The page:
-Signers of the Declaration
-Signers of the A. O. C.
-Signers of the U. S. Constitution
-Wives of the Signers
Robert Treat Paine
The important duties of a judge, he discharged with honour and great impartiality for the space of fourteen years. During the latter part of this time, he was affected with a deafness, which, in a measure, impaired his usefulness on the bench. Few men have rendered more important services to the literary and religious institutions of a country, than did Judge Paine. He gave them all the support and influence of his office, by urging upon grand jurors the faithful execution of the laws, the support of schools, and the preservation of strict morality.
The death of Judge Paine occurred on the eleventh of May, 1814, having attained to the age of 84 years. Until near the close of life, the vigour of his mental faculties continued unimpaired. In quickness of apprehension, liveliness of imagination, and general intelligence, he had few superiors. His memory was of the most retentive character, and he was highly distinguished for a sprightly and agreeable turn in conversation. A witty severity sometimes excited the temporary; disquietude of a friend; but if he was sometimes inclined to indulge in pleasant raillery, he was willing to be the subject of it in his turn.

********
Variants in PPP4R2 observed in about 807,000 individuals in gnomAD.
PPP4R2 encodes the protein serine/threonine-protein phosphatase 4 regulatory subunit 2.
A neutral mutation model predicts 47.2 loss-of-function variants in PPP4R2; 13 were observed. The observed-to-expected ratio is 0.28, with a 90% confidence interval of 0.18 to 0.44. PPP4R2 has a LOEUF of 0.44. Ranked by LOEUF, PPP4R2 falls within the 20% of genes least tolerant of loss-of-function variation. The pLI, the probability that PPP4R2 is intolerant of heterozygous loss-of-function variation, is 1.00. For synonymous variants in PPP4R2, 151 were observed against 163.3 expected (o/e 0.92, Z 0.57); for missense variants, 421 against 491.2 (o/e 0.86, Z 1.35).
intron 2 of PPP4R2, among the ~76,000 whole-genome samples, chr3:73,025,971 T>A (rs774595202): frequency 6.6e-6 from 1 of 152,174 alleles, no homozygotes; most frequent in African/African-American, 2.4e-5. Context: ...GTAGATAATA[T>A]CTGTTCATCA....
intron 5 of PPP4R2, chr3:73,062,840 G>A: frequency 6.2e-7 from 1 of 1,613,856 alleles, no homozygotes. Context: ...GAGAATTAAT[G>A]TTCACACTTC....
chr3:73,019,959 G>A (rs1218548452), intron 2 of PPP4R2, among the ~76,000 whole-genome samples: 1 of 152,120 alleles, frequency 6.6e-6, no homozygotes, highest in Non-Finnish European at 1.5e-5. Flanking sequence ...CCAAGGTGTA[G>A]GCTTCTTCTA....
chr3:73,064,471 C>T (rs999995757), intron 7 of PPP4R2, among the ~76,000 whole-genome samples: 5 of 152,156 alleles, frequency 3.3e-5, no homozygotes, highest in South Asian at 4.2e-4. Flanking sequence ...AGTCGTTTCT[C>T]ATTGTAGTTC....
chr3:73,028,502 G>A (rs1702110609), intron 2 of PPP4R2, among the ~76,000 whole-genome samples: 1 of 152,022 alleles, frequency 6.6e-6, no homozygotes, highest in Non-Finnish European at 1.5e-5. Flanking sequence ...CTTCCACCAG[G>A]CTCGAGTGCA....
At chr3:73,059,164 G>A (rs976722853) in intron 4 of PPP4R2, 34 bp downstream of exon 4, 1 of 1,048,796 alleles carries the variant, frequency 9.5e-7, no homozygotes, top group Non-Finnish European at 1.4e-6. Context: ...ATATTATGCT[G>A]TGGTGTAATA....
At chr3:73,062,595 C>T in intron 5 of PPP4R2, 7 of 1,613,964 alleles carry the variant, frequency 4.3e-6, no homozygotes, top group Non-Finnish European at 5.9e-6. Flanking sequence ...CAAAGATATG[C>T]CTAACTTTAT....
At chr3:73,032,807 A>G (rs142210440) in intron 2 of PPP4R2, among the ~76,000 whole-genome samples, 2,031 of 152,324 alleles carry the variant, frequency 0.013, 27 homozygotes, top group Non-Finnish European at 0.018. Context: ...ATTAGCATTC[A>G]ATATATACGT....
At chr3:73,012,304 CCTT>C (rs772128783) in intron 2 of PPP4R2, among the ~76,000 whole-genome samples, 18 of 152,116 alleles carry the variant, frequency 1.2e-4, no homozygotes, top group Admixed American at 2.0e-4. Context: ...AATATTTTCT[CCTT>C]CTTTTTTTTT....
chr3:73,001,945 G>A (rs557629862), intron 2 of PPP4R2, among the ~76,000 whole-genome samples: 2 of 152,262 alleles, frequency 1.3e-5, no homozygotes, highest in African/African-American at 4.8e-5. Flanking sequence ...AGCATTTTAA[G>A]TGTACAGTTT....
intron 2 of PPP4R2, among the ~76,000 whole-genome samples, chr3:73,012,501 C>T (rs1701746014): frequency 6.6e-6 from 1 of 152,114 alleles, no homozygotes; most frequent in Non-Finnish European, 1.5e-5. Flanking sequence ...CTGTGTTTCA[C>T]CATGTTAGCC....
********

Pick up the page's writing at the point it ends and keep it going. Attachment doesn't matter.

As a scholar, he ranked high among literary men, and was distinguished for his patronage of all the useful institutions of the country. He was a founder of the American Academy established in Massachusetts in 1780, and active in its service until his death. The honorary degree of doctor of laws was conferred upon him by Harvard University.
Judge Paine was a firm believer in the divine origin of the Christian religion. He gave full credence to the scriptures, as a revelation from God, designed to instruct mankind in a knowledge of their duty, and to guide them in the way to eternal happiness.
Source: Rev. Charles A. Goodrich Lives of the Signers to the Declaration of Independence. New York: William Reed & Co., 1856. Pages 112-119. (Some minor spelling changes may have been made.)
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